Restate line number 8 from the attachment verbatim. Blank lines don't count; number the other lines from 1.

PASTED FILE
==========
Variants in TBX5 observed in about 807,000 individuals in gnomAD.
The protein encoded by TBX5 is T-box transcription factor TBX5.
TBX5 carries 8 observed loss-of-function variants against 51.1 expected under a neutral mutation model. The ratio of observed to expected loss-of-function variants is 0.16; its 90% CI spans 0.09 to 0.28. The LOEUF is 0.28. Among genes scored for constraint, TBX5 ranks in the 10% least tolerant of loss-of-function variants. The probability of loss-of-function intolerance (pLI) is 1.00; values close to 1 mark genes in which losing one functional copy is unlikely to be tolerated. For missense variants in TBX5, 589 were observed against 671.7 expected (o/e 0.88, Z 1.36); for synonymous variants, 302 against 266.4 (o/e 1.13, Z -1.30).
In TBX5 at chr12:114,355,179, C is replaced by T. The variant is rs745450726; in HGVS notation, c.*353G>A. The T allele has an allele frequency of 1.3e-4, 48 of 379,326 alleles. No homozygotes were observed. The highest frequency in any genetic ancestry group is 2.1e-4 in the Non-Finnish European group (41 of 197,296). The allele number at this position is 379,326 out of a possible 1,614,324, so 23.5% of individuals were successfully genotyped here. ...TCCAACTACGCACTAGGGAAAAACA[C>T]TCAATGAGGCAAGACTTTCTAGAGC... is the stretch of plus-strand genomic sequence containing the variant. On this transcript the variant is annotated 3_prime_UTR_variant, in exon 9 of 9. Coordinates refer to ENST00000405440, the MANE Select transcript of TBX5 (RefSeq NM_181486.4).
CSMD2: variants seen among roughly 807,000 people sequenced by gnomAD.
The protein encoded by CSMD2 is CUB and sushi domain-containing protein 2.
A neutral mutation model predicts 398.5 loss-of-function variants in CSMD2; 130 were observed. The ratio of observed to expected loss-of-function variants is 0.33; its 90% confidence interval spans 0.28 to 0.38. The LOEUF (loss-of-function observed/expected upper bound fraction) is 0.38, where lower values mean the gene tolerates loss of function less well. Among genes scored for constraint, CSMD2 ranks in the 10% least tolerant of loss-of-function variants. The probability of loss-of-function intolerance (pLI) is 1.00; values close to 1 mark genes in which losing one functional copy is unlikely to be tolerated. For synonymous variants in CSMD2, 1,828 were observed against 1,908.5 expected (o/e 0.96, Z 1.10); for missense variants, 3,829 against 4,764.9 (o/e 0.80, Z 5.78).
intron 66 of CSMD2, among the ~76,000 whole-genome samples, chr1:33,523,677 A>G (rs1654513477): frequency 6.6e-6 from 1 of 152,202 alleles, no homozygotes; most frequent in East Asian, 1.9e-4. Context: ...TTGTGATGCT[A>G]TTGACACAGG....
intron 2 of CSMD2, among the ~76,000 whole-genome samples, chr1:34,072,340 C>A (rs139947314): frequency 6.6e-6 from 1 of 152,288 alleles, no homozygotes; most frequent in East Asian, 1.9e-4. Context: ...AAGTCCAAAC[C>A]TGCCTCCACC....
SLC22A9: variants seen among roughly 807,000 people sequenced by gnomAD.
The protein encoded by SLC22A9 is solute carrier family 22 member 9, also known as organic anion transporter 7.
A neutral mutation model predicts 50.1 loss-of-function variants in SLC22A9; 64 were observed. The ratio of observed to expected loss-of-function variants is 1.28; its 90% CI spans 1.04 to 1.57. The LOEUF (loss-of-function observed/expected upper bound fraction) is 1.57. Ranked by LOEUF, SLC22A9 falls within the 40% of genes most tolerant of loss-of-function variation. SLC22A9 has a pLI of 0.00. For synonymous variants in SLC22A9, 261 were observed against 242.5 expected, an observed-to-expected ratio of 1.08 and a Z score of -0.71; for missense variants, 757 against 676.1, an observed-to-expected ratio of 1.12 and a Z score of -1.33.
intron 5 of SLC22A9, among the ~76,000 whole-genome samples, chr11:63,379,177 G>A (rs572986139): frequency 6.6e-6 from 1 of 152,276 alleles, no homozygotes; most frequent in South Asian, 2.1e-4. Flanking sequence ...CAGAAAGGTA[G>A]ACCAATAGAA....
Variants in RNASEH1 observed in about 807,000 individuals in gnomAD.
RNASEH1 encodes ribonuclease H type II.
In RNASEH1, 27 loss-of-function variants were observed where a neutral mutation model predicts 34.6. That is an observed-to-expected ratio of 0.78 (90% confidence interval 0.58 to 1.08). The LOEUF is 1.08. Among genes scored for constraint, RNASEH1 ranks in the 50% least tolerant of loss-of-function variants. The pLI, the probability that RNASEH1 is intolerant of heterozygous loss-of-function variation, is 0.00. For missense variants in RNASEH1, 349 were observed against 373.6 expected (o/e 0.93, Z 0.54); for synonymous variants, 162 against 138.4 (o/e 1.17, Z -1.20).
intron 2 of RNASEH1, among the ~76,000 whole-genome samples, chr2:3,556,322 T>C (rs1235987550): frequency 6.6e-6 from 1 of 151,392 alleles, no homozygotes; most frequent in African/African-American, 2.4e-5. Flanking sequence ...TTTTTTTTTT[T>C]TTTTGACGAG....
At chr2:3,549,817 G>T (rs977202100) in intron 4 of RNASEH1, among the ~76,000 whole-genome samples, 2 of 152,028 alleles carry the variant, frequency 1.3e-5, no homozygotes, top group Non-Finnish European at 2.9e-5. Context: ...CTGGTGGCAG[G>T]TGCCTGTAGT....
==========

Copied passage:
intron 66 of CSMD2, among the ~76,000 whole-genome samples, chr1:33,523,677 A>G (rs1654513477): frequency 6.6e-6 from 1 of 152,202 alleles, no homozygotes; most frequent in East Asian, 1.9e-4. Context: ...TTGTGATGCT[A>G]TTGACACAGG....